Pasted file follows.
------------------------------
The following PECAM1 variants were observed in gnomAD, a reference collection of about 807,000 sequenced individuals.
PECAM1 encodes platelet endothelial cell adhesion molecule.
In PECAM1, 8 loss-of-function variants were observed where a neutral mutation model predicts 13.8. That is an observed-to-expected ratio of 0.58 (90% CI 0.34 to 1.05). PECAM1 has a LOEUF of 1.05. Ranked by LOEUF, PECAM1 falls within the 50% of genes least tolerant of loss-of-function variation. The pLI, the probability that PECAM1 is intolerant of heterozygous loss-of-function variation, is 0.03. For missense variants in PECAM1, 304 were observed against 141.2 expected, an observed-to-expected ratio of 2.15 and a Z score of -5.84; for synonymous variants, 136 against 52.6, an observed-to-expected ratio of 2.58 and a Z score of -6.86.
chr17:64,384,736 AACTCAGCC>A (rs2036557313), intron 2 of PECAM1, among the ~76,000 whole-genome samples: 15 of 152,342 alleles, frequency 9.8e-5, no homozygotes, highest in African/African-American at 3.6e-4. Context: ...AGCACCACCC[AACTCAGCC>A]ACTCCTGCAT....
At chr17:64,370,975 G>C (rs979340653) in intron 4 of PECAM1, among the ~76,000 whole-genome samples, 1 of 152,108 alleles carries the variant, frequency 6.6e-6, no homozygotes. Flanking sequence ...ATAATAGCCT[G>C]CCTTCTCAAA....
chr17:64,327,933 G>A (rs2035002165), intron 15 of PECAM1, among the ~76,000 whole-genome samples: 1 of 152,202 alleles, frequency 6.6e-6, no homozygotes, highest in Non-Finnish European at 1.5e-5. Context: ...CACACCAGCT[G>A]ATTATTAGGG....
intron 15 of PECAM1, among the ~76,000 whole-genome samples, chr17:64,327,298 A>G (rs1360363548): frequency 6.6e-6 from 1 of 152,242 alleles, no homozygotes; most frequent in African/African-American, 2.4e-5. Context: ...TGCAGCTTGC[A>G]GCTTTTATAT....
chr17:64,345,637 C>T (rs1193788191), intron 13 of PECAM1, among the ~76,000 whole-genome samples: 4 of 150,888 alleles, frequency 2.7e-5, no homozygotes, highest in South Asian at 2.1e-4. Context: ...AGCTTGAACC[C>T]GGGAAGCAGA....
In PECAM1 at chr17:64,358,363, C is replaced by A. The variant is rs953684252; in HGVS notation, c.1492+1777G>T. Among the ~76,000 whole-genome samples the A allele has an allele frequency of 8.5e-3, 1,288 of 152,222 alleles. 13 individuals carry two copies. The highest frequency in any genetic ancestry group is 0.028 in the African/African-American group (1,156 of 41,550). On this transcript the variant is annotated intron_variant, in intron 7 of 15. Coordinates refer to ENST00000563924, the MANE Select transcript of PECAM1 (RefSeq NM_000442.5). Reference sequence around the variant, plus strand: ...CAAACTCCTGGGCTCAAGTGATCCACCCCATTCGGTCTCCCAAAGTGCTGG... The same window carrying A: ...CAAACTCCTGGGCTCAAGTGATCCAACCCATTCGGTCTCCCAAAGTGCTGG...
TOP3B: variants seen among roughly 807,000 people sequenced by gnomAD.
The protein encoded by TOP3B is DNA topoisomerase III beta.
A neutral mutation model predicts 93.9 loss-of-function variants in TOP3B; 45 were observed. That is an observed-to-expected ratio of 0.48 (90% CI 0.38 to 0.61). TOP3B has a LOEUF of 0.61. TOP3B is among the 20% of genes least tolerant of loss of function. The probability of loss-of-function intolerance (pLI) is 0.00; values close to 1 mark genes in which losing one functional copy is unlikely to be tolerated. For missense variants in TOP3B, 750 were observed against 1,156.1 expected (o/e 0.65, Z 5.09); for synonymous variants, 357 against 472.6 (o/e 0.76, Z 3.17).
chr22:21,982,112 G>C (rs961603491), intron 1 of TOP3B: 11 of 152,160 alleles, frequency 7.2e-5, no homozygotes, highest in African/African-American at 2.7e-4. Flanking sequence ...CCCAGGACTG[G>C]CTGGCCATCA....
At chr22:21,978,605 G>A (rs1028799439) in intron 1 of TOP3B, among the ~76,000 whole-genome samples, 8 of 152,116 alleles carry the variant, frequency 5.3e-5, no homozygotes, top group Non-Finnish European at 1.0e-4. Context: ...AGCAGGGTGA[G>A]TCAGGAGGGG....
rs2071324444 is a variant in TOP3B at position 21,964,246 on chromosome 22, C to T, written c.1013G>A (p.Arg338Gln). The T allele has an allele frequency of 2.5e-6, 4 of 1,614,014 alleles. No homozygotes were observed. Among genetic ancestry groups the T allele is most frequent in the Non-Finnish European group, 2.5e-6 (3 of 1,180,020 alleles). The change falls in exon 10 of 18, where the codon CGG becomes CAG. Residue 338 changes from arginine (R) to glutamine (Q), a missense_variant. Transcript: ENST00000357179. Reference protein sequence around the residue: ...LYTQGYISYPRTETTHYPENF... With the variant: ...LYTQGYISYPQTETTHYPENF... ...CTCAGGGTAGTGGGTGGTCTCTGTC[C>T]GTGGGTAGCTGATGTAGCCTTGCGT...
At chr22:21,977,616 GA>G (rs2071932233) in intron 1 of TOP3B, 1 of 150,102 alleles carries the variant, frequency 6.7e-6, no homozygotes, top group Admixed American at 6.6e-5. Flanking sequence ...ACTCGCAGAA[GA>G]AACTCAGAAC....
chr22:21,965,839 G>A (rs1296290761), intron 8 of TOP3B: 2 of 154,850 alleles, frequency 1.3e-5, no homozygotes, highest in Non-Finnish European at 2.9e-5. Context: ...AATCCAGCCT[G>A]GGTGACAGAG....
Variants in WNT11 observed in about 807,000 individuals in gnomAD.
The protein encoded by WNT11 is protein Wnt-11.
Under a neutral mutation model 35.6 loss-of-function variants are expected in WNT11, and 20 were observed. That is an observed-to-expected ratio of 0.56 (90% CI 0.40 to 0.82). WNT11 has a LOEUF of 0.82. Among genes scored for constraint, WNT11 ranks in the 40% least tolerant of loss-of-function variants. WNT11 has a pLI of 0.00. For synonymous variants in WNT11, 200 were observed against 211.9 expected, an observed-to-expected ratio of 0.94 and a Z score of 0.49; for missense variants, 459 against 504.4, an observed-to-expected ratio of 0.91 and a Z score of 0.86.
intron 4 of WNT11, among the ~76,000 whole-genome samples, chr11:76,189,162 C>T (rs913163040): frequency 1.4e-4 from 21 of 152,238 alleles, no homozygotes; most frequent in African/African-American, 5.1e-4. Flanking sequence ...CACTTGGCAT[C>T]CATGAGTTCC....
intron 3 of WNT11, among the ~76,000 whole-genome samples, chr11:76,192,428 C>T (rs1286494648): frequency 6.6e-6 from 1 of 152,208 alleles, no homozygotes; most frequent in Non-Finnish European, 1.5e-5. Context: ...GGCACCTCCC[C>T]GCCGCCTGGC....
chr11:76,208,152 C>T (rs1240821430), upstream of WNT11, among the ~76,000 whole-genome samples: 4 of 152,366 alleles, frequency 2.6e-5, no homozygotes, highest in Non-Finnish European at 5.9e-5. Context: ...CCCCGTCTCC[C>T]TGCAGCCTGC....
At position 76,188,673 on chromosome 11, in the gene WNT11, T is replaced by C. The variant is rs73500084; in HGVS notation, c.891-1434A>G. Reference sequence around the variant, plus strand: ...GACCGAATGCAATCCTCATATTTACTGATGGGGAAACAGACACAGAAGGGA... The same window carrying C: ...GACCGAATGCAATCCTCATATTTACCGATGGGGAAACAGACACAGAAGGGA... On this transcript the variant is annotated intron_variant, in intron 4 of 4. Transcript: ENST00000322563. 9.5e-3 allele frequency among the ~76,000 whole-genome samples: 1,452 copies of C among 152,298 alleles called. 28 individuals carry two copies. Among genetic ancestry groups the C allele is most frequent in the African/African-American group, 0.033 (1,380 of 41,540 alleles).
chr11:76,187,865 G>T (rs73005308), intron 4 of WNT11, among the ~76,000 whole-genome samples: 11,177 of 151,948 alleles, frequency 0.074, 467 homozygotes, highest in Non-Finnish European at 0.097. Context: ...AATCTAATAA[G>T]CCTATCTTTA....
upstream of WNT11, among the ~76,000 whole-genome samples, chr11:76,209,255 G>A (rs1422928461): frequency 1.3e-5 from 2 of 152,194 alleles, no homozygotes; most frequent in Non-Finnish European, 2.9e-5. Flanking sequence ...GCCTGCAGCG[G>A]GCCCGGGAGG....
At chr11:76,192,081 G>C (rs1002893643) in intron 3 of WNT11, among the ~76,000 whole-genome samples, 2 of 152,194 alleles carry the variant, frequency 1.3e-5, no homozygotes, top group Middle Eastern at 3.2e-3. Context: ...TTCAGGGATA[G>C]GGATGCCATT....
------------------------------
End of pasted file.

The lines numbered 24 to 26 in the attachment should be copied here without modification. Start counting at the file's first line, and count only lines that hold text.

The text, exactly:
At position 76,188,673 on chromosome 11, in the gene WNT11, T is replaced by C. The variant is rs73500084; in HGVS notation, c.891-1434A>G. Reference sequence around the variant, plus strand: ...GACCGAATGCAATCCTCATATTTACTGATGGGGAAACAGACACAGAAGGGA... The same window carrying C: ...GACCGAATGCAATCCTCATATTTACCGATGGGGAAACAGACACAGAAGGGA... On this transcript the variant is annotated intron_variant, in intron 4 of 4. Transcript: ENST00000322563. 9.5e-3 allele frequency among the ~76,000 whole-genome samples: 1,452 copies of C among 152,298 alleles called. 28 individuals carry two copies. Among genetic ancestry groups the C allele is most frequent in the African/African-American group, 0.033 (1,380 of 41,540 alleles).
chr11:76,187,865 G>T (rs73005308), intron 4 of WNT11, among the ~76,000 whole-genome samples: 11,177 of 151,948 alleles, frequency 0.074, 467 homozygotes, highest in Non-Finnish European at 0.097. Context: ...AATCTAATAA[G>T]CCTATCTTTA....
upstream of WNT11, among the ~76,000 whole-genome samples, chr11:76,209,255 G>A (rs1422928461): frequency 1.3e-5 from 2 of 152,194 alleles, no homozygotes; most frequent in Non-Finnish European, 2.9e-5. Flanking sequence ...GCCTGCAGCG[G>A]GCCCGGGAGG....